Critical Play: Mysteries

The Basics

Game: Virginia, a “first-person mystery adventure video game…[following] graduate FBI special agent Anne Tarver as she investigates her first case: the disappearance of a boy in rural Virginia.”

Created by: Variable State, published by 505 Games

Platforms: PlayStation 4, PC, Mac, Xbox One

Target Audience: Virginia’s target audience includes those who enjoy stories and sensation and less so heavily interacting with the environment. Exploring the space is more important than being highly skilled. Older audiences may appreciate the game more as certain pieces of the story are more difficult to piece together, which younger players may find unappealing.

Formal Elements

First scene the player sees when entering the game.

After being immediately thrown into the game, there is no stated objective, but it’s clear that our goal is to explore and find more information. The space is

structured in such a way that you can look around with some freedom, but you are directed to the next step in the story fairly easily (it’s clear what you can and can’t click on via the changing cursor). This is a single-player game so there were no other real players that were in the game. However, interacting with the other characters did sometimes feel like I was interacting with real people — it was quite immersive! No strict rules or resources governed the game, though I was limited to walking around and clicking things for the most part. The spaces I was in were rather limiting, as such, there were clear boundaries of where I could and could not go.

Types of Fun

Vivid colors immerse the player into the game.

Virginia incorporates narrative, discovery, and sensation very well. The entire game is essentially a story that you are slowly uncovering. Because we don’t know what’s happening, we are urged to discover more pieces of information and push the narrative forward. The game is both visually and auditorially appealing. Since there is little to no dialogue, we are focused on the vivid colors and music that immerse us deeply in the game.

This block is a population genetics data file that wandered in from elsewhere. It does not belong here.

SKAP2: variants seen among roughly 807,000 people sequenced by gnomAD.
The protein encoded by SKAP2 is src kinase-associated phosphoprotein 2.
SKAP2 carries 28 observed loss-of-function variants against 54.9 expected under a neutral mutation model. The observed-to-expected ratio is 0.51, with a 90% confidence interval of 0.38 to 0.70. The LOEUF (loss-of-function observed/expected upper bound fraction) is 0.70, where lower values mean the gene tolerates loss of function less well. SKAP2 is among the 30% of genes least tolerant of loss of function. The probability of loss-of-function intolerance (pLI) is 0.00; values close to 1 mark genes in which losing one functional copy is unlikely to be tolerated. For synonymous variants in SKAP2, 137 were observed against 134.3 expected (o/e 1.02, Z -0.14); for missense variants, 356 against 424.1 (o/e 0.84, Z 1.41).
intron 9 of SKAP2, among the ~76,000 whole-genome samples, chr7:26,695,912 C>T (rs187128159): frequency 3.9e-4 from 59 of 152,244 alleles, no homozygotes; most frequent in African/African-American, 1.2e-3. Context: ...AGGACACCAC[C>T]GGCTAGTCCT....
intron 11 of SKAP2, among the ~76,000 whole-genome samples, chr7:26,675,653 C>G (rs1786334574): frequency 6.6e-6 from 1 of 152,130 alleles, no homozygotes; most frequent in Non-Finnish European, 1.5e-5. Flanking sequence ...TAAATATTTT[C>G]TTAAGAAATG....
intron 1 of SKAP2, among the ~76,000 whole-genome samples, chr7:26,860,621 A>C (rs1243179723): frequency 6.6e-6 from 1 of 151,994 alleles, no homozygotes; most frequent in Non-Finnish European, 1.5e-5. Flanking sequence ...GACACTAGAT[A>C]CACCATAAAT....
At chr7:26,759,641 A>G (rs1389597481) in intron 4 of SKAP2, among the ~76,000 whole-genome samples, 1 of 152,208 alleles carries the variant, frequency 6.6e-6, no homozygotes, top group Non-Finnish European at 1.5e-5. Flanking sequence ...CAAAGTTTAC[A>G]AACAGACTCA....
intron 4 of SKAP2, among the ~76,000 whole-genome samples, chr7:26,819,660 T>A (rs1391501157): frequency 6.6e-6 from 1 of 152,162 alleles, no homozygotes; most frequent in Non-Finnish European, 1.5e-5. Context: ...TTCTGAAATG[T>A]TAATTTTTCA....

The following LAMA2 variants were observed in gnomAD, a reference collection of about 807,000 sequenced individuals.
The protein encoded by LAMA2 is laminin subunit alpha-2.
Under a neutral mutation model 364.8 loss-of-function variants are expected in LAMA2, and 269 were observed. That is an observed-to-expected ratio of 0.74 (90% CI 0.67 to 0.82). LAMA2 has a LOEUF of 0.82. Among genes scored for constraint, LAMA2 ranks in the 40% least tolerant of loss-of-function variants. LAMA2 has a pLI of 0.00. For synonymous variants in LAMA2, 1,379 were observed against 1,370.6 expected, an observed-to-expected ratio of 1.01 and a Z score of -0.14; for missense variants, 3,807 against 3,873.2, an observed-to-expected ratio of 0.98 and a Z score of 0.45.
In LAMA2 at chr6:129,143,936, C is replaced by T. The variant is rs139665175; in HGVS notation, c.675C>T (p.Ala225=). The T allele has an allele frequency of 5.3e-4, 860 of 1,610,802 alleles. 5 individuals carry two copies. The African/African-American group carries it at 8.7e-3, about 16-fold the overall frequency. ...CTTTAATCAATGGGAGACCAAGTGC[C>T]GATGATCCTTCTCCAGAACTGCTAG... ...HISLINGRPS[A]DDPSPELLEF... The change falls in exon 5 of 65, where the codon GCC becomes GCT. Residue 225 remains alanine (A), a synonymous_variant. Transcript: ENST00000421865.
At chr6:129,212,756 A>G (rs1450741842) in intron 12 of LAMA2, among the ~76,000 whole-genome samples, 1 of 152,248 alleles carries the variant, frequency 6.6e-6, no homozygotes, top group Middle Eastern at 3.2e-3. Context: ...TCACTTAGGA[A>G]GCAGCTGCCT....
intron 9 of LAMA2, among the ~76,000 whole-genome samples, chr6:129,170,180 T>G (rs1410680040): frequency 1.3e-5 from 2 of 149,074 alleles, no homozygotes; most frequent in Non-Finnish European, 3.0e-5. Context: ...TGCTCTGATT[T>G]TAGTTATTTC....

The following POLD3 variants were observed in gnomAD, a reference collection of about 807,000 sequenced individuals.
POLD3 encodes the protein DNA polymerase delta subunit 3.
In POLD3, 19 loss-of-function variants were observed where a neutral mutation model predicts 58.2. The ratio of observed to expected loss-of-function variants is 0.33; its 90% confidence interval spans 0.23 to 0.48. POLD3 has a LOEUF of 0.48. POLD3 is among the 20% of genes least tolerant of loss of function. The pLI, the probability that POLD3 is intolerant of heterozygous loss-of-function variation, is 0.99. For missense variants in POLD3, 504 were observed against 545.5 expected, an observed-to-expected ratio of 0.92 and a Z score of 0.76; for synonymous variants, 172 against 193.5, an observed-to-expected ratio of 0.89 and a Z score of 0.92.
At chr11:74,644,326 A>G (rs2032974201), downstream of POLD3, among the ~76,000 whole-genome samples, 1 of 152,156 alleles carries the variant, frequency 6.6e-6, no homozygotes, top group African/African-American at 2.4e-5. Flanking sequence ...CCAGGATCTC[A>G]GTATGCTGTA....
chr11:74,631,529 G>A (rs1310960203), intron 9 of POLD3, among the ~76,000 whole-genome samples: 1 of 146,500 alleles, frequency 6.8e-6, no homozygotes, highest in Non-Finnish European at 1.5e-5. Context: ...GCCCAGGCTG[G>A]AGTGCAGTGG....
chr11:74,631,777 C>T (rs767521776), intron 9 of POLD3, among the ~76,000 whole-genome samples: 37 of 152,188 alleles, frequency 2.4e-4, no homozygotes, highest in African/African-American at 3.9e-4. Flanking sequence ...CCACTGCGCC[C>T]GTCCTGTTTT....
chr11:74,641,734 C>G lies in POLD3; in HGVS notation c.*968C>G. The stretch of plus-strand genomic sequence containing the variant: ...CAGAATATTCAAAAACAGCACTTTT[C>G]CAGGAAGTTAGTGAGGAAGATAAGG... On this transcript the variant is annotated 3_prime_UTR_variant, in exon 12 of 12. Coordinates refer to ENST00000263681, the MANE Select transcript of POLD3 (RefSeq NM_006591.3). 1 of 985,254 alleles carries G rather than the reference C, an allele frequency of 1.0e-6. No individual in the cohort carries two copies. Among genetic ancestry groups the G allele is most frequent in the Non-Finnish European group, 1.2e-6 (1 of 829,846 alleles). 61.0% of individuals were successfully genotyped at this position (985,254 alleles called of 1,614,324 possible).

Red room within the closet.

Finding pieces of info that triggered sensational events was very satisfying. Some examples include pulling back the closet to reveal a hidden, red room and pulling off wooden boards to trigger a collapse of a cave.

Failures & Improvements

There were times when I wished I could review the information I had gathered or utilize that information more. I had to remember all the previously gathered info (and apart from remembering there’s not much we do with it!). Since I only played the demo version, it’s possible the full version allows for deeper interactions with our environment and the objects!

About the author

Leave a Reply

This site uses Akismet to reduce spam. Learn how your comment data is processed.